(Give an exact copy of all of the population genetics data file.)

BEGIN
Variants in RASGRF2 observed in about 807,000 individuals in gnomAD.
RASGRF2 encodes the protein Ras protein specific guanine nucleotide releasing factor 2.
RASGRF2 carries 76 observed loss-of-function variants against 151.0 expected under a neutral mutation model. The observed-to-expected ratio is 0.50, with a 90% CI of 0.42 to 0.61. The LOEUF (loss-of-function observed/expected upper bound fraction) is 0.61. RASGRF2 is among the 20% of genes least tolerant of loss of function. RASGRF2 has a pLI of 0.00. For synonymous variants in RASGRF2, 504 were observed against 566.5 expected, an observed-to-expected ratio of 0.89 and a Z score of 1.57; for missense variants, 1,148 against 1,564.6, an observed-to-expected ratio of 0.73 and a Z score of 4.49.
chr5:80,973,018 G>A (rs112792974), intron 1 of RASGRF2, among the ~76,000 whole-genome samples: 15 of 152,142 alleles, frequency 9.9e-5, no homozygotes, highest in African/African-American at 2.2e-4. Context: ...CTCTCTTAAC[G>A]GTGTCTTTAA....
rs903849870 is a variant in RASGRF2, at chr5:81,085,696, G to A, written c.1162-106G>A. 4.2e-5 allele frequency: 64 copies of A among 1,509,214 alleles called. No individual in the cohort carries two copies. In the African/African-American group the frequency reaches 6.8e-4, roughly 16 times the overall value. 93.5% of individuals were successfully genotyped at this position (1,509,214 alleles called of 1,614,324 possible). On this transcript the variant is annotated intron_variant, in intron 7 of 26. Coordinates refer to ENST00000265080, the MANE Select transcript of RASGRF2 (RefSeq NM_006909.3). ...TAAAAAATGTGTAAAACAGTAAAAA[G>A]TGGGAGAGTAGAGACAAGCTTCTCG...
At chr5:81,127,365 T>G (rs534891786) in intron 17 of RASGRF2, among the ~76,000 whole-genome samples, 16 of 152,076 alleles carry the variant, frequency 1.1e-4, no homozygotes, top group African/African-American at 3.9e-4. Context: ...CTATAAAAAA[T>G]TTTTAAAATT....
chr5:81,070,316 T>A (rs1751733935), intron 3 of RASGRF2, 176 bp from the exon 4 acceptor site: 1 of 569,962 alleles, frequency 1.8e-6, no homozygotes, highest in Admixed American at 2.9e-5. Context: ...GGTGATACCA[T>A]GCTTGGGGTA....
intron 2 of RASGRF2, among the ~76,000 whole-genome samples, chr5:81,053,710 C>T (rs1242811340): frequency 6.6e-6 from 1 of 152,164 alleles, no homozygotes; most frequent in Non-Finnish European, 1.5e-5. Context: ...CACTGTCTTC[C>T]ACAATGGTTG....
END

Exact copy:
Variants in RASGRF2 observed in about 807,000 individuals in gnomAD.
RASGRF2 encodes the protein Ras protein specific guanine nucleotide releasing factor 2.
RASGRF2 carries 76 observed loss-of-function variants against 151.0 expected under a neutral mutation model. The observed-to-expected ratio is 0.50, with a 90% CI of 0.42 to 0.61. The LOEUF (loss-of-function observed/expected upper bound fraction) is 0.61. RASGRF2 is among the 20% of genes least tolerant of loss of function. RASGRF2 has a pLI of 0.00. For synonymous variants in RASGRF2, 504 were observed against 566.5 expected, an observed-to-expected ratio of 0.89 and a Z score of 1.57; for missense variants, 1,148 against 1,564.6, an observed-to-expected ratio of 0.73 and a Z score of 4.49.
chr5:80,973,018 G>A (rs112792974), intron 1 of RASGRF2, among the ~76,000 whole-genome samples: 15 of 152,142 alleles, frequency 9.9e-5, no homozygotes, highest in African/African-American at 2.2e-4. Context: ...CTCTCTTAAC[G>A]GTGTCTTTAA....
rs903849870 is a variant in RASGRF2, at chr5:81,085,696, G to A, written c.1162-106G>A. 4.2e-5 allele frequency: 64 copies of A among 1,509,214 alleles called. No individual in the cohort carries two copies. In the African/African-American group the frequency reaches 6.8e-4, roughly 16 times the overall value. 93.5% of individuals were successfully genotyped at this position (1,509,214 alleles called of 1,614,324 possible). On this transcript the variant is annotated intron_variant, in intron 7 of 26. Coordinates refer to ENST00000265080, the MANE Select transcript of RASGRF2 (RefSeq NM_006909.3). ...TAAAAAATGTGTAAAACAGTAAAAA[G>A]TGGGAGAGTAGAGACAAGCTTCTCG...
At chr5:81,127,365 T>G (rs534891786) in intron 17 of RASGRF2, among the ~76,000 whole-genome samples, 16 of 152,076 alleles carry the variant, frequency 1.1e-4, no homozygotes, top group African/African-American at 3.9e-4. Context: ...CTATAAAAAA[T>G]TTTTAAAATT....
chr5:81,070,316 T>A (rs1751733935), intron 3 of RASGRF2, 176 bp from the exon 4 acceptor site: 1 of 569,962 alleles, frequency 1.8e-6, no homozygotes, highest in Admixed American at 2.9e-5. Context: ...GGTGATACCA[T>A]GCTTGGGGTA....
intron 2 of RASGRF2, among the ~76,000 whole-genome samples, chr5:81,053,710 C>T (rs1242811340): frequency 6.6e-6 from 1 of 152,164 alleles, no homozygotes; most frequent in Non-Finnish European, 1.5e-5. Context: ...CACTGTCTTC[C>T]ACAATGGTTG....